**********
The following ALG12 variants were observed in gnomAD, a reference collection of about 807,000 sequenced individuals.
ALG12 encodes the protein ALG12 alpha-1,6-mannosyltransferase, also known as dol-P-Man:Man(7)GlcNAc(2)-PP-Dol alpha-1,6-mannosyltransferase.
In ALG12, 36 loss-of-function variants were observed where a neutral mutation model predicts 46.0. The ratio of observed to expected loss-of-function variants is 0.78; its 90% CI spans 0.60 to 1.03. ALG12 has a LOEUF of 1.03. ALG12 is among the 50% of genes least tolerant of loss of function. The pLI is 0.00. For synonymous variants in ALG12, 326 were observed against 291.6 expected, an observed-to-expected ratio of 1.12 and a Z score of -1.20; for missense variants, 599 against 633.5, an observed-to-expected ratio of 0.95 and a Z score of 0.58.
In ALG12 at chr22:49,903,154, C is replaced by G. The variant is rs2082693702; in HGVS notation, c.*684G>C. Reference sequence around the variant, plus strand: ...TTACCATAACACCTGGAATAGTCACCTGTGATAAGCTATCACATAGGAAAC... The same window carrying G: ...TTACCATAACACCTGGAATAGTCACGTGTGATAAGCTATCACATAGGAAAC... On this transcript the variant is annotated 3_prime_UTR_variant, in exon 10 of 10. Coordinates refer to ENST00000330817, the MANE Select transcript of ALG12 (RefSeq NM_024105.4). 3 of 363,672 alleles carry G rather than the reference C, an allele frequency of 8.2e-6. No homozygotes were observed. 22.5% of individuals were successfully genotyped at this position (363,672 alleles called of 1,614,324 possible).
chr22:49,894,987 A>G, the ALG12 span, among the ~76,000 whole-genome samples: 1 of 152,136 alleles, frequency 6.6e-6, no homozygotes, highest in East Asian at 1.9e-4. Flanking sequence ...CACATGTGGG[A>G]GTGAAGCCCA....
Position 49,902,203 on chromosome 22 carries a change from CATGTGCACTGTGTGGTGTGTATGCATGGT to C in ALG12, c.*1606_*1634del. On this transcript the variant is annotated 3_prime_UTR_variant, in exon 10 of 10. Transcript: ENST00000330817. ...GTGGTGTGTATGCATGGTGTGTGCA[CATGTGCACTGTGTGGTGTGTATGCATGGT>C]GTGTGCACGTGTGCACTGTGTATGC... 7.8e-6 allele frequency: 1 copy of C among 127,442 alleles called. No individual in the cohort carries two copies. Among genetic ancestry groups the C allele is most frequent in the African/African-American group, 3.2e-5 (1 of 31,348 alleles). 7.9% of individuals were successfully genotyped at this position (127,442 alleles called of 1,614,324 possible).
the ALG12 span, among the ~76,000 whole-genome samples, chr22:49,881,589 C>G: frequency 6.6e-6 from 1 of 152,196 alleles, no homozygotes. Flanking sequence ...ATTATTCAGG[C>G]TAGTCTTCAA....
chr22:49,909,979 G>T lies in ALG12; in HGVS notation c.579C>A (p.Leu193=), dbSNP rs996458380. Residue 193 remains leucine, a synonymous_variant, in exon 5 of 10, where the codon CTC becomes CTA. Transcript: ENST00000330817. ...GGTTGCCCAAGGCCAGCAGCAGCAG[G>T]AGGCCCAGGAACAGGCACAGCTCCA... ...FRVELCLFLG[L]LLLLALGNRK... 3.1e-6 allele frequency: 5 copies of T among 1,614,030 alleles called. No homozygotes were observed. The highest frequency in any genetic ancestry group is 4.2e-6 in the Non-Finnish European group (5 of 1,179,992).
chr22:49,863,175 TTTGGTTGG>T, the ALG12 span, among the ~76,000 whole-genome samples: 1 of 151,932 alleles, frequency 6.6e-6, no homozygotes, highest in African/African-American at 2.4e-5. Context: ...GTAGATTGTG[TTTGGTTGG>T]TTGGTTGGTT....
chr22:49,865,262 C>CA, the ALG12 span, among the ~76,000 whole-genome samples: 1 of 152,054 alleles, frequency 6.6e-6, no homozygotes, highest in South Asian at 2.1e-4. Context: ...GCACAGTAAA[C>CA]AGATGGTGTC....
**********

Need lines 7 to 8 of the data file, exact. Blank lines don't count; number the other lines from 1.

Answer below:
the ALG12 span, among the ~76,000 whole-genome samples, chr22:49,881,589 C>G: frequency 6.6e-6 from 1 of 152,196 alleles, no homozygotes. Flanking sequence ...ATTATTCAGG[C>G]TAGTCTTCAA....
chr22:49,909,979 G>T lies in ALG12; in HGVS notation c.579C>A (p.Leu193=), dbSNP rs996458380. Residue 193 remains leucine, a synonymous_variant, in exon 5 of 10, where the codon CTC becomes CTA. Transcript: ENST00000330817. ...GGTTGCCCAAGGCCAGCAGCAGCAG[G>T]AGGCCCAGGAACAGGCACAGCTCCA... ...FRVELCLFLG[L]LLLLALGNRK... 3.1e-6 allele frequency: 5 copies of T among 1,614,030 alleles called. No homozygotes were observed. The highest frequency in any genetic ancestry group is 4.2e-6 in the Non-Finnish European group (5 of 1,179,992).